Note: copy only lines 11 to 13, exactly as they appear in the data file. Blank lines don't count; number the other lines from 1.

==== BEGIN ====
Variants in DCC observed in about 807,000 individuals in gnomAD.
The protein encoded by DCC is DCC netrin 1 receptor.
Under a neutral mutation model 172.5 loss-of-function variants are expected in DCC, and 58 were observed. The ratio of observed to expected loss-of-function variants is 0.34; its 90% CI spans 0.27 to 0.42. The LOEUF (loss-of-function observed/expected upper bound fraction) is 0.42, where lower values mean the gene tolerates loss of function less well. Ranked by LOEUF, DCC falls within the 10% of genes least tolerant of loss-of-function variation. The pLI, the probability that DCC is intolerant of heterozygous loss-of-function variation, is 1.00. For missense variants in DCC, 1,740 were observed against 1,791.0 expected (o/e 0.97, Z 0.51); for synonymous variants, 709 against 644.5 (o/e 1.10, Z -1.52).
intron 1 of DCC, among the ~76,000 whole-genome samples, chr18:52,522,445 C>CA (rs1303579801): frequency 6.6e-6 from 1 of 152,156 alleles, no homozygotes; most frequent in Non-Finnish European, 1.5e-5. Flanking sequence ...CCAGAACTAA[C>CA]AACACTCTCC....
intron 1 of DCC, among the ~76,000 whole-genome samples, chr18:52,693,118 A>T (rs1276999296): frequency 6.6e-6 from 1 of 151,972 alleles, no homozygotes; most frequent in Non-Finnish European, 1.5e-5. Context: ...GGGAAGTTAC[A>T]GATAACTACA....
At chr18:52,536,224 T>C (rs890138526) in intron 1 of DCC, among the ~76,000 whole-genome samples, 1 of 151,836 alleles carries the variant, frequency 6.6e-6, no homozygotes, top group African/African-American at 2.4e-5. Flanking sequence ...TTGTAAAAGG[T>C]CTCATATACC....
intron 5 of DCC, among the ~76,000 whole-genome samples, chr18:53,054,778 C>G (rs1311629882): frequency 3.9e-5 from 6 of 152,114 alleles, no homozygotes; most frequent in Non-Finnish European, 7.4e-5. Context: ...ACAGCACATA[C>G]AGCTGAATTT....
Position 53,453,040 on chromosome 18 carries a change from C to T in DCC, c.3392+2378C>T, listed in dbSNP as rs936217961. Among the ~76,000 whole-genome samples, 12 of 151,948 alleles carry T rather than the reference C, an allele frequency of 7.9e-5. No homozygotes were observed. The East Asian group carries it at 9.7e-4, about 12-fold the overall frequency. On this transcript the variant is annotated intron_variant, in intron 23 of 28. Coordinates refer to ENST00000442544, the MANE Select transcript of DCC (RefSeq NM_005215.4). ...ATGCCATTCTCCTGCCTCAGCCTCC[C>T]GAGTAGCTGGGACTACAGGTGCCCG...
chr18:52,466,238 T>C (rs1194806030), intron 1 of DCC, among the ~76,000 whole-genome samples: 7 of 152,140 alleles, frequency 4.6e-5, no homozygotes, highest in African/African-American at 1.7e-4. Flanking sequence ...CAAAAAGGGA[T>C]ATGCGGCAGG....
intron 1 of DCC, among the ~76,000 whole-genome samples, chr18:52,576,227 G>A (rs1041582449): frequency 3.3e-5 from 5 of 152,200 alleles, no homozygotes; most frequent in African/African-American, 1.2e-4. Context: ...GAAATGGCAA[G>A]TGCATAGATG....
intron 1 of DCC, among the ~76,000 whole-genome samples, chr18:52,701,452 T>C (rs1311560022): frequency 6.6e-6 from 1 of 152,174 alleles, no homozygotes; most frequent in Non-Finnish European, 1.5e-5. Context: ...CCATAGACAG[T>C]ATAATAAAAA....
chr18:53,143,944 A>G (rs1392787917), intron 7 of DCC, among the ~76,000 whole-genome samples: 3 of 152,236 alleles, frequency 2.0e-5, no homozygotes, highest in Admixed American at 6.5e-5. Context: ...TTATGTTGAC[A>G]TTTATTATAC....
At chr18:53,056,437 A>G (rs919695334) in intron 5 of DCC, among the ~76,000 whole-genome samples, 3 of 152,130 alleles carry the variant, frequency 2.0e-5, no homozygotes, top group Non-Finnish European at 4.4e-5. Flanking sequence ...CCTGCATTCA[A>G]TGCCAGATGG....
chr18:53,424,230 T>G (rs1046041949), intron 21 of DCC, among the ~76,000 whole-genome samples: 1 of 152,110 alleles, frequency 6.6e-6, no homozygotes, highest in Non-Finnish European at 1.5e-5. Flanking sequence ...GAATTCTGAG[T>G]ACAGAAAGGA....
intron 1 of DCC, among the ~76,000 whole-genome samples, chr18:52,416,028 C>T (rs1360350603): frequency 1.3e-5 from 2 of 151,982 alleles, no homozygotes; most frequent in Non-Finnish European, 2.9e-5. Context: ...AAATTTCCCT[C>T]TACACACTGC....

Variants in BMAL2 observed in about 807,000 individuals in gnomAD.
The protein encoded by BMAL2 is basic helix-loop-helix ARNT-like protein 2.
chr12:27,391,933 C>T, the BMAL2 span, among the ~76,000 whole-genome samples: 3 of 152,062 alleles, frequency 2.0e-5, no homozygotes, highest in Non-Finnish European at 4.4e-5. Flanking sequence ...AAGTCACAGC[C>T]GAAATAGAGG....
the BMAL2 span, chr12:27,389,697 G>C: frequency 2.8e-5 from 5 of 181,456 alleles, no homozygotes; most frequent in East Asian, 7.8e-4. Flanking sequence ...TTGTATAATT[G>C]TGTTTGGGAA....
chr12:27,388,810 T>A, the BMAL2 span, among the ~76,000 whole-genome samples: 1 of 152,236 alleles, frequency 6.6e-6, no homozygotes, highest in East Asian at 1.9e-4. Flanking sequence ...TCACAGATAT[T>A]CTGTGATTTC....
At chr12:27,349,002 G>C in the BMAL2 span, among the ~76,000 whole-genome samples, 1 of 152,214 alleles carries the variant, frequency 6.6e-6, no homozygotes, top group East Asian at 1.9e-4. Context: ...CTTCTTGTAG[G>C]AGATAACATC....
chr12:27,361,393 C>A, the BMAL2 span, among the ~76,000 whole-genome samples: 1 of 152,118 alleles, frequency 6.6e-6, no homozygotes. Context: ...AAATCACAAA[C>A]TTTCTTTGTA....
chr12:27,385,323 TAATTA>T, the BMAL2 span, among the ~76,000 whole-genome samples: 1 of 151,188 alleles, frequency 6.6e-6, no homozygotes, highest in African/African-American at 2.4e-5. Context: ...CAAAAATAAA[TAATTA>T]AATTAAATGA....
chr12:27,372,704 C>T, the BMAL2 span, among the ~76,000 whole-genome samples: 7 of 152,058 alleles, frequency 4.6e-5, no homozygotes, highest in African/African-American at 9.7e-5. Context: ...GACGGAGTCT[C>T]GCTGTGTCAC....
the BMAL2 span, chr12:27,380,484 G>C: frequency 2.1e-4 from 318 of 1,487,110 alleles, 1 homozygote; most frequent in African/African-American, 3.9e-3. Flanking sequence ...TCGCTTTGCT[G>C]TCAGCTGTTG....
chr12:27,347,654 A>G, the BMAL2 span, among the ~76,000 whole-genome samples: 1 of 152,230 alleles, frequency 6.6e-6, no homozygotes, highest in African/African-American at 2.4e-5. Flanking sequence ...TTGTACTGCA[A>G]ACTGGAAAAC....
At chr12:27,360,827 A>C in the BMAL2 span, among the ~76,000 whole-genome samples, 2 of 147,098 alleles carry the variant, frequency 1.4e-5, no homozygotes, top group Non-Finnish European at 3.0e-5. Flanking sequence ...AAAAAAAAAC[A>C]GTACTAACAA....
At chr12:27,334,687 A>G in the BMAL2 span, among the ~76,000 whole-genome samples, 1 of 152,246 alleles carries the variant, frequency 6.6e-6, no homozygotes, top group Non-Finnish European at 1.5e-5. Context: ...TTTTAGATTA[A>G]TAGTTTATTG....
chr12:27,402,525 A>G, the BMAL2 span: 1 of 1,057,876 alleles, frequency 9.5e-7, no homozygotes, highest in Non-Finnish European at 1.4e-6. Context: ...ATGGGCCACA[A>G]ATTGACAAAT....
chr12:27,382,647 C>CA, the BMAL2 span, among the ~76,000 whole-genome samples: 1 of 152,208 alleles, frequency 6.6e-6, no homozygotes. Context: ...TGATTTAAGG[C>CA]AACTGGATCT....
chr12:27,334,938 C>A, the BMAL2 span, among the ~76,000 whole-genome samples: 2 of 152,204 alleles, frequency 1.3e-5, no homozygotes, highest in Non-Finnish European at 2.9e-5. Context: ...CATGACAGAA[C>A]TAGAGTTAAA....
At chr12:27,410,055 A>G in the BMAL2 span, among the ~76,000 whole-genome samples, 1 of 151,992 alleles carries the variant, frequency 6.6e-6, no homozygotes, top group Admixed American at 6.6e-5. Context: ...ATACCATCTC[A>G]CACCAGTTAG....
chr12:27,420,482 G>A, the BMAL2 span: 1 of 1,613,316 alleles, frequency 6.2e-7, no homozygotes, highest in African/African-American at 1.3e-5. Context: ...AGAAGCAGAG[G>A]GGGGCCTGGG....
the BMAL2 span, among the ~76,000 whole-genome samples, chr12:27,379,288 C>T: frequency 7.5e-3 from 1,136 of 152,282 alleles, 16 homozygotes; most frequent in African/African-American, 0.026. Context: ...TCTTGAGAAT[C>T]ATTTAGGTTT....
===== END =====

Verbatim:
intron 1 of DCC, among the ~76,000 whole-genome samples, chr18:52,701,452 T>C (rs1311560022): frequency 6.6e-6 from 1 of 152,174 alleles, no homozygotes; most frequent in Non-Finnish European, 1.5e-5. Context: ...CCATAGACAG[T>C]ATAATAAAAA....
chr18:53,143,944 A>G (rs1392787917), intron 7 of DCC, among the ~76,000 whole-genome samples: 3 of 152,236 alleles, frequency 2.0e-5, no homozygotes, highest in Admixed American at 6.5e-5. Context: ...TTATGTTGAC[A>G]TTTATTATAC....
At chr18:53,056,437 A>G (rs919695334) in intron 5 of DCC, among the ~76,000 whole-genome samples, 3 of 152,130 alleles carry the variant, frequency 2.0e-5, no homozygotes, top group Non-Finnish European at 4.4e-5. Flanking sequence ...CCTGCATTCA[A>G]TGCCAGATGG....